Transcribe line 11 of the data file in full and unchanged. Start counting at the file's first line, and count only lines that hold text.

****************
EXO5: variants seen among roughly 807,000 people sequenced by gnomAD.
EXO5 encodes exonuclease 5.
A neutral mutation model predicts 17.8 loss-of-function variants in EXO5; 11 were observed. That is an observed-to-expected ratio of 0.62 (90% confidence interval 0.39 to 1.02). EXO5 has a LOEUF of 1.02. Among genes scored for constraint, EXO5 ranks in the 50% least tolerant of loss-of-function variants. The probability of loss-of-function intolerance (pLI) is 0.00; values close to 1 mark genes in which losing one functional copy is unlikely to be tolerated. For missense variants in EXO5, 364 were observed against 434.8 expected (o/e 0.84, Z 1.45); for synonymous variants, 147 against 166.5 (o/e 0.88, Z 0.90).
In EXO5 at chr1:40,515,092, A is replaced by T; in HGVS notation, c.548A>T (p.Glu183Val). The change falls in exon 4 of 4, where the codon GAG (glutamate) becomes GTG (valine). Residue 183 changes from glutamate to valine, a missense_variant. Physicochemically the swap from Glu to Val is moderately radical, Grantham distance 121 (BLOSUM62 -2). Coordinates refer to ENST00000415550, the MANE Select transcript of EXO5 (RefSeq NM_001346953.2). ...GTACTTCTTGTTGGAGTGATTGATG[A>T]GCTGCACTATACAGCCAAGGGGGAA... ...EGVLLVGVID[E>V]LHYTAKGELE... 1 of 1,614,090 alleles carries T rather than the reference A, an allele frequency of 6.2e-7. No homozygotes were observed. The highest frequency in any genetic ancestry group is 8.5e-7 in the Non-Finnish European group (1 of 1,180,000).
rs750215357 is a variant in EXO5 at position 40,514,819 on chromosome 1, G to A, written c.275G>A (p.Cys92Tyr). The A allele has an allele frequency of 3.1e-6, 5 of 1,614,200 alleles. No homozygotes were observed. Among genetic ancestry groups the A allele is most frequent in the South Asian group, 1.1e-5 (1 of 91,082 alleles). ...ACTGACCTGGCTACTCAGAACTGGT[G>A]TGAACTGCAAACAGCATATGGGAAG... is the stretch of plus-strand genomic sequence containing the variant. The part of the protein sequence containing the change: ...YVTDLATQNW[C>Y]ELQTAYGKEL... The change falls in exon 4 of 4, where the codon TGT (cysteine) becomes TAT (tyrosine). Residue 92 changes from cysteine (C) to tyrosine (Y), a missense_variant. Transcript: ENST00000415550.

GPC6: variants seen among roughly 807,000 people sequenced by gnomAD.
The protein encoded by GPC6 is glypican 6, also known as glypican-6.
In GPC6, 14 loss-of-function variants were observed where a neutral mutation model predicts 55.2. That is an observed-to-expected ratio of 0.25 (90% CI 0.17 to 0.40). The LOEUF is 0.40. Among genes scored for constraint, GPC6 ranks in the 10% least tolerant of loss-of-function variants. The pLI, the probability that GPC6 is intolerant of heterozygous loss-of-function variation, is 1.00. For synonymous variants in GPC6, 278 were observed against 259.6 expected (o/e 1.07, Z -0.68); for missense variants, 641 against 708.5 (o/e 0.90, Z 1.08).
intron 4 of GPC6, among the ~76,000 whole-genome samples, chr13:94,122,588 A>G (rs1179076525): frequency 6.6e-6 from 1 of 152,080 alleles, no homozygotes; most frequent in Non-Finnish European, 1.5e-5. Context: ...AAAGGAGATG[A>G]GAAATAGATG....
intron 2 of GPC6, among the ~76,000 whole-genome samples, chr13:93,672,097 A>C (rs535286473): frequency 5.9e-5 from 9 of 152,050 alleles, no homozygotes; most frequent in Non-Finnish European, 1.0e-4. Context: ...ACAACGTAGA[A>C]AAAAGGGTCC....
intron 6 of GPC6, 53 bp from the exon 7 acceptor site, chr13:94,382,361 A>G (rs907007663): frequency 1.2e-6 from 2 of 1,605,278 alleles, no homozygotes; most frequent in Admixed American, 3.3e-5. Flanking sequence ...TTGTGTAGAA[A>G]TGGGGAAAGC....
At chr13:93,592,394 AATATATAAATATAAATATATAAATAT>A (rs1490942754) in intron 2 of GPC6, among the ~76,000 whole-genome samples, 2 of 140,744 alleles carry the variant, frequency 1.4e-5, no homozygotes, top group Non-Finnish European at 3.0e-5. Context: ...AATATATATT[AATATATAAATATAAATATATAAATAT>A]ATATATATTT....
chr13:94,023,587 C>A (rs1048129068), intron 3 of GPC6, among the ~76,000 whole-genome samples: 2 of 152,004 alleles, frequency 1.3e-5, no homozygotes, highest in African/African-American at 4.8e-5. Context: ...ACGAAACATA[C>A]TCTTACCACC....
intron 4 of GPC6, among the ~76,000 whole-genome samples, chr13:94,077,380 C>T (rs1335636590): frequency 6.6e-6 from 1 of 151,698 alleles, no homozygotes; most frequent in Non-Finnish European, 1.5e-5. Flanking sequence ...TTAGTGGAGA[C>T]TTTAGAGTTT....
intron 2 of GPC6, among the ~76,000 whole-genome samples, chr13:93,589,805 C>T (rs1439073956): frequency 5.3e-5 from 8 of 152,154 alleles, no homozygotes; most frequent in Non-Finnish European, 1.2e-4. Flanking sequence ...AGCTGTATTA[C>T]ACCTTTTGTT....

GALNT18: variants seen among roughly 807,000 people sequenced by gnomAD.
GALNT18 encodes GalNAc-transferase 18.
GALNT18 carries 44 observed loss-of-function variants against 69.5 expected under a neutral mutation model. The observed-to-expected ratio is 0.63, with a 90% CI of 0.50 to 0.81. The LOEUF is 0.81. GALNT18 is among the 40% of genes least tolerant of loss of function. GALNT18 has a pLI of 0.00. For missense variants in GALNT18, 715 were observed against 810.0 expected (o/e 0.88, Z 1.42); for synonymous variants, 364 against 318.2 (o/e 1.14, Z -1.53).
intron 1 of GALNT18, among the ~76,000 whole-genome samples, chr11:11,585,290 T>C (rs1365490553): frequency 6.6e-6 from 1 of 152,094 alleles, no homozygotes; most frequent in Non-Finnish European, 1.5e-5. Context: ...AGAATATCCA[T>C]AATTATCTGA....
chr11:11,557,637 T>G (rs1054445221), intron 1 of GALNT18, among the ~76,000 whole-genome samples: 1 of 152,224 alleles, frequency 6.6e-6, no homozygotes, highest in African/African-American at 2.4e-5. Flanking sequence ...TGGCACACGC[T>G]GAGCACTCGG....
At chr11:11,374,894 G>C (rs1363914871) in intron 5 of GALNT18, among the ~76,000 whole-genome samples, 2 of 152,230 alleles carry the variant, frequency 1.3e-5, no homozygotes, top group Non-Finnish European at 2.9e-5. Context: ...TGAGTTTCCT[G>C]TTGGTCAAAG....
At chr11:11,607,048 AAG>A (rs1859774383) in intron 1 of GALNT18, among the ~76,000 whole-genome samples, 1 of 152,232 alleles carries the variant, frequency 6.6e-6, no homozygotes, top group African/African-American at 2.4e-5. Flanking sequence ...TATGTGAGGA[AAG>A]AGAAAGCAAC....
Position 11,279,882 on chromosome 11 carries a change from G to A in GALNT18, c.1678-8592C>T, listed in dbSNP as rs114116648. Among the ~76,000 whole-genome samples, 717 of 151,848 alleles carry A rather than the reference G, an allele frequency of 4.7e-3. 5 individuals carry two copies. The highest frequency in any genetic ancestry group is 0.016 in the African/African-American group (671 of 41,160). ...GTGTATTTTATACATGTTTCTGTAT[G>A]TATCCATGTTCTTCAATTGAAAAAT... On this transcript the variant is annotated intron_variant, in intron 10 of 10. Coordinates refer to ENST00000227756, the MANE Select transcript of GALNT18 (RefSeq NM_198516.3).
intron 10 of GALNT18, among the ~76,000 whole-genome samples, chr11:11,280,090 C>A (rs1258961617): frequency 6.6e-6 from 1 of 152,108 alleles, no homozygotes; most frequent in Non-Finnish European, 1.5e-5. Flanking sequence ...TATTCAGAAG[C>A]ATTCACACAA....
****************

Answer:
intron 6 of GPC6, 53 bp from the exon 7 acceptor site, chr13:94,382,361 A>G (rs907007663): frequency 1.2e-6 from 2 of 1,605,278 alleles, no homozygotes; most frequent in Admixed American, 3.3e-5. Flanking sequence ...TTGTGTAGAA[A>G]TGGGGAAAGC....